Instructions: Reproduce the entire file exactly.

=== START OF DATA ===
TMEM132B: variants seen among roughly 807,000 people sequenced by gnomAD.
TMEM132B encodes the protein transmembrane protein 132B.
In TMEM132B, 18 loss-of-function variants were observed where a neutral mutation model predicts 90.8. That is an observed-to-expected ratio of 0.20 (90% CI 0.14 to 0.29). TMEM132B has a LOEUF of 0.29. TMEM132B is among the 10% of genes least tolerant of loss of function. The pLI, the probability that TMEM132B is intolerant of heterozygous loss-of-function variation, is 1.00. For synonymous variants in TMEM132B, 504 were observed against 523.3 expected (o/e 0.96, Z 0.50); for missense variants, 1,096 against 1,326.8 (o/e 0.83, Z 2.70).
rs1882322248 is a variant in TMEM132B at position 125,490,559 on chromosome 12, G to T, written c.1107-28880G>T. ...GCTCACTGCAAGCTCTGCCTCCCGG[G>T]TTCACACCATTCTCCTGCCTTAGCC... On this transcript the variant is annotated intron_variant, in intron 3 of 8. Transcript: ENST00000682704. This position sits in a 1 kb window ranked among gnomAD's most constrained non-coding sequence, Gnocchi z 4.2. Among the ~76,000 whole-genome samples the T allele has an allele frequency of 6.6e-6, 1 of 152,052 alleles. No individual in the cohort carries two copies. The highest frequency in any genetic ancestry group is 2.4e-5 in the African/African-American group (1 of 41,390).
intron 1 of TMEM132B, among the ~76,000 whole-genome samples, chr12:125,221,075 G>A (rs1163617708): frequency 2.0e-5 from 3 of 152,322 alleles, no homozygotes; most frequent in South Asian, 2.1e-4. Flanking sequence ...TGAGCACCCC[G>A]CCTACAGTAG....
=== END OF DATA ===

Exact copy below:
TMEM132B: variants seen among roughly 807,000 people sequenced by gnomAD.
TMEM132B encodes the protein transmembrane protein 132B.
In TMEM132B, 18 loss-of-function variants were observed where a neutral mutation model predicts 90.8. That is an observed-to-expected ratio of 0.20 (90% CI 0.14 to 0.29). TMEM132B has a LOEUF of 0.29. TMEM132B is among the 10% of genes least tolerant of loss of function. The pLI, the probability that TMEM132B is intolerant of heterozygous loss-of-function variation, is 1.00. For synonymous variants in TMEM132B, 504 were observed against 523.3 expected (o/e 0.96, Z 0.50); for missense variants, 1,096 against 1,326.8 (o/e 0.83, Z 2.70).
rs1882322248 is a variant in TMEM132B at position 125,490,559 on chromosome 12, G to T, written c.1107-28880G>T. ...GCTCACTGCAAGCTCTGCCTCCCGG[G>T]TTCACACCATTCTCCTGCCTTAGCC... On this transcript the variant is annotated intron_variant, in intron 3 of 8. Transcript: ENST00000682704. This position sits in a 1 kb window ranked among gnomAD's most constrained non-coding sequence, Gnocchi z 4.2. Among the ~76,000 whole-genome samples the T allele has an allele frequency of 6.6e-6, 1 of 152,052 alleles. No individual in the cohort carries two copies. The highest frequency in any genetic ancestry group is 2.4e-5 in the African/African-American group (1 of 41,390).
intron 1 of TMEM132B, among the ~76,000 whole-genome samples, chr12:125,221,075 G>A (rs1163617708): frequency 2.0e-5 from 3 of 152,322 alleles, no homozygotes; most frequent in South Asian, 2.1e-4. Flanking sequence ...TGAGCACCCC[G>A]CCTACAGTAG....